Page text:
Lina Lamont

"What do you think I am, dumb or something?"

Sybil was right

A Prophet (Un prophete)

This was my most eagerly anticipated film of the current NZFF – Sight & Sound foreshadowed its brilliance many issues ago, and I was a fan of Jacques Audiard’s work since Read My Lips (Sur mes levres) even before he gave us the excellent The Beat That My Heart Skipped.  Nominated for the Best Foreign Film Oscar 2010 (it lost to The Secret in Their Eyes), there has been plenty of buzz.  It is therefore with a sigh of relief that I can say “they” were right.

One might have thought Audiard would cast Heart‘s lead, Romain Duris, in his latest film of the French criminal underworld.  But wisely he did not – instead, similarly eschewing the intrinsic menace of Vincent Cassel (his lead in Lips who is arguably now too ubiquitous for this low-key, gritty realism), we are treated to the blank canvas of Tahar Rahim, in his first feature film lead.

Rahim plays a young Frenchman of Arabic descent, Malik El Djebena, who is sent to prison for six years.  It’s made clear in the opening scenes as he is introduced to prison life (the interviewing, strip-searching and washing-down notably less brutalising than in other prison dramas like Hunger and In the Name of the Father) that Malik is on his own – he has noone on the outside to visit or send him money, and no prison family waiting with open arms.  As a result, he is swiftly appropriated by the Corsican mafia, headed by the effectively authoritative Cesar Luciani, and forced into unwillingly performing business for them that then sets him up under their protection.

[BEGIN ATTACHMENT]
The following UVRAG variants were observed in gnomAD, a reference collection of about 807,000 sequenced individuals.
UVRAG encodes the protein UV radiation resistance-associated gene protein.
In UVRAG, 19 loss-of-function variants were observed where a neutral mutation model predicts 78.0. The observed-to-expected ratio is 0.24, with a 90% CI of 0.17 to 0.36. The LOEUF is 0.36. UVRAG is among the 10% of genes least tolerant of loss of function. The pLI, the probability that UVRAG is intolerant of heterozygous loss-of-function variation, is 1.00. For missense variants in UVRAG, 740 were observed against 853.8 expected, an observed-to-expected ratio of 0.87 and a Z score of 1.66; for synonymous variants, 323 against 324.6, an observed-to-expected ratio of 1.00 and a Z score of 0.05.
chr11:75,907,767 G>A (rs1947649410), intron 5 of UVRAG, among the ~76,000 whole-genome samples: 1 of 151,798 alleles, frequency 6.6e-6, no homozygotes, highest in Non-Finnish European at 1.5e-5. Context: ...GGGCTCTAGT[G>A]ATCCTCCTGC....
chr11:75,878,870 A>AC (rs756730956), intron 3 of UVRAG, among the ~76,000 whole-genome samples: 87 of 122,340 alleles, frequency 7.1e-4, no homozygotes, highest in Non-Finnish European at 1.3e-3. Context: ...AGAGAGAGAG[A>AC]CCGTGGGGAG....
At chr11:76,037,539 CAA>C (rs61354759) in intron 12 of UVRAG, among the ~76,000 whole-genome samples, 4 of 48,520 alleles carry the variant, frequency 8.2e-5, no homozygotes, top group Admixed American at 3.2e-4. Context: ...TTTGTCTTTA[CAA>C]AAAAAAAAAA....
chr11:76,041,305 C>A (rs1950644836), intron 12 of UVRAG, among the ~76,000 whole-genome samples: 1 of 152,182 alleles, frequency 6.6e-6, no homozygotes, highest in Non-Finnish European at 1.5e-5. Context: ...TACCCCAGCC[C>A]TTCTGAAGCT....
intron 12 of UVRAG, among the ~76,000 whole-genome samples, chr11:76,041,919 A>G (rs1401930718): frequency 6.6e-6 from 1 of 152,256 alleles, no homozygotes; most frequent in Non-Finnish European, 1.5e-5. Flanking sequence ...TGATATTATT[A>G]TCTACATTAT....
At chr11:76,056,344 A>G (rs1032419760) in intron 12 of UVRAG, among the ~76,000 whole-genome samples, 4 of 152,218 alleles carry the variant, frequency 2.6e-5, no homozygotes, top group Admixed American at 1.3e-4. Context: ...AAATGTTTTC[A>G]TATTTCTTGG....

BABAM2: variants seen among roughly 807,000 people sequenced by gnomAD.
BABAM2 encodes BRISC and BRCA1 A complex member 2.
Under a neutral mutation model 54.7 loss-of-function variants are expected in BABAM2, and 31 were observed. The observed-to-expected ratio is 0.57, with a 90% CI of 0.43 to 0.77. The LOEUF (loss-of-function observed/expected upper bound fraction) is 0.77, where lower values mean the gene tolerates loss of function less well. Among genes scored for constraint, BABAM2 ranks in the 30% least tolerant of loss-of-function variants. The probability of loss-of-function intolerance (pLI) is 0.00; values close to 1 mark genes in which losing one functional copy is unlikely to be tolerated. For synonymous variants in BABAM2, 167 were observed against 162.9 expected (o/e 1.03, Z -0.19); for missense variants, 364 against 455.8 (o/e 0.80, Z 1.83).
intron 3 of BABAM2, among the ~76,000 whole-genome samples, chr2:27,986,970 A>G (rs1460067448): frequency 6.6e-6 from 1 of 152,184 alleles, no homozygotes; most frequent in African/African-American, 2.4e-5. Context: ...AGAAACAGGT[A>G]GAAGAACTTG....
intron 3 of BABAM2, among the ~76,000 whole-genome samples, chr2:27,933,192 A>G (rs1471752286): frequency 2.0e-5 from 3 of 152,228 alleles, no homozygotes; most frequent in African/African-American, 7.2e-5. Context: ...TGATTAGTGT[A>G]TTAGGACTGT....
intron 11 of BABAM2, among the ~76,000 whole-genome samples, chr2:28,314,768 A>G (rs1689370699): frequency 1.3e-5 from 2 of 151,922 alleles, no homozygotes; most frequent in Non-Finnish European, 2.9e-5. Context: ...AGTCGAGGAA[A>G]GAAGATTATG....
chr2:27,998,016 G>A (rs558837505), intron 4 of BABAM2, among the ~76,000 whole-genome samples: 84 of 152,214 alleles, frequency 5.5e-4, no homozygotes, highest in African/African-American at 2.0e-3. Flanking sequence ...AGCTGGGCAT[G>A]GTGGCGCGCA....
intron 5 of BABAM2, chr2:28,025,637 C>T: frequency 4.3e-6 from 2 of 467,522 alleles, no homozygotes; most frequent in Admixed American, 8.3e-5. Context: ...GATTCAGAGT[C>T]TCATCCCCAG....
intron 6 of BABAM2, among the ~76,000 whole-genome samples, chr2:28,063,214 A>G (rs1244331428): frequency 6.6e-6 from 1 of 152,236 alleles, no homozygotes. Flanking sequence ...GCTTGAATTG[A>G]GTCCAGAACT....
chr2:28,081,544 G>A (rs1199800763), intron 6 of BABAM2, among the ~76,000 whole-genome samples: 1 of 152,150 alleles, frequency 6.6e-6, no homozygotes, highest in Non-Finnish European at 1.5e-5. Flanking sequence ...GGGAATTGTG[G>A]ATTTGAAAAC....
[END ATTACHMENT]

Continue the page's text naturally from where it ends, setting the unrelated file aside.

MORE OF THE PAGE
It’s an interesting quandary that immediately puts the audience in his shoes, and had me considering how I would act in the same situation.  And I have to say, when confronted by the Corsican thugs and given no option, I doubt I would have stood my moral high-ground and refused.  And thus Malik becomes the prison’s porter and Luciani’s boy, inevitably given increasing duties as well as privileges as he works his way up the mafia ladder.

Rahim’s performance is superb, not just in its subtlety but in the way he slowly develops Malik’s character as we watch him grow into his prisoner’s life over the years.  Rejected by the Muslims (for being “un Corse”) and insulted by the other Corsican lackeys who resent an Arab being their boss’s perceived favourite, by the end of the film he has aligned himself with key players, done his fair share of betraying and conniving, and has his own criminal enterprise up and running on the outside.  Of course, none of this is obtained easily, and the moral dilemmas abound.

I frequently forgot I was watching a film, so realistic was the production design and dialogue, and so unobtrusive the camerawork.  The story is engrossing and seemingly lacking in judgement – we are not set up to root unreservedly for Malik, yet we do care how his future unfolds.  Nor does the film make an obvious statement about the prison system (unlike the aforementioned prison dramas, which leave you in no doubt that jails are abusive environments where men are treated like animals).  Granted, the biggest benefit I personally can see from spending time inside would be the ability to learn some serious criminal skills – and the opportunities for furthering this career once released seem to be guaranteed and manifold.  Now if that’s not an argument for prison reform, I don’t know what is.

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